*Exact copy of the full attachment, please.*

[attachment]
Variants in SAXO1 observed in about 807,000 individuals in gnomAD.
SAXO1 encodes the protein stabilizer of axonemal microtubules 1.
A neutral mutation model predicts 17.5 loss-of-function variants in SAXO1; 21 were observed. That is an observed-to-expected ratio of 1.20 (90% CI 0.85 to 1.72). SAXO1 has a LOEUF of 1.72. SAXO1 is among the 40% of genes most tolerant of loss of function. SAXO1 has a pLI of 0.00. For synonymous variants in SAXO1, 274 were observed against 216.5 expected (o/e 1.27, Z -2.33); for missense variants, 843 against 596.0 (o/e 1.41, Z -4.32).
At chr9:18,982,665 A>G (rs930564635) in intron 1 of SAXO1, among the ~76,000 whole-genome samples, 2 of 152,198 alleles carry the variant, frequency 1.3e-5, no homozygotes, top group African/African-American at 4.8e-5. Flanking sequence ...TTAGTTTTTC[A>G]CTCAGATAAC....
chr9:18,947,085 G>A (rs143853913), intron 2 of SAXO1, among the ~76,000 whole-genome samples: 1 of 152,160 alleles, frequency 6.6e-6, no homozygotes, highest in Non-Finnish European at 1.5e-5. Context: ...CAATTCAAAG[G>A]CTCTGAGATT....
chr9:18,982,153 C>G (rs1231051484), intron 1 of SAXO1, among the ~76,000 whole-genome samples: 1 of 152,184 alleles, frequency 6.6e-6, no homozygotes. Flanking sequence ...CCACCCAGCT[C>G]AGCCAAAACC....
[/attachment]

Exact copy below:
Variants in SAXO1 observed in about 807,000 individuals in gnomAD.
SAXO1 encodes the protein stabilizer of axonemal microtubules 1.
A neutral mutation model predicts 17.5 loss-of-function variants in SAXO1; 21 were observed. That is an observed-to-expected ratio of 1.20 (90% CI 0.85 to 1.72). SAXO1 has a LOEUF of 1.72. SAXO1 is among the 40% of genes most tolerant of loss of function. SAXO1 has a pLI of 0.00. For synonymous variants in SAXO1, 274 were observed against 216.5 expected (o/e 1.27, Z -2.33); for missense variants, 843 against 596.0 (o/e 1.41, Z -4.32).
At chr9:18,982,665 A>G (rs930564635) in intron 1 of SAXO1, among the ~76,000 whole-genome samples, 2 of 152,198 alleles carry the variant, frequency 1.3e-5, no homozygotes, top group African/African-American at 4.8e-5. Flanking sequence ...TTAGTTTTTC[A>G]CTCAGATAAC....
chr9:18,947,085 G>A (rs143853913), intron 2 of SAXO1, among the ~76,000 whole-genome samples: 1 of 152,160 alleles, frequency 6.6e-6, no homozygotes, highest in Non-Finnish European at 1.5e-5. Context: ...CAATTCAAAG[G>A]CTCTGAGATT....
chr9:18,982,153 C>G (rs1231051484), intron 1 of SAXO1, among the ~76,000 whole-genome samples: 1 of 152,184 alleles, frequency 6.6e-6, no homozygotes. Flanking sequence ...CCACCCAGCT[C>G]AGCCAAAACC....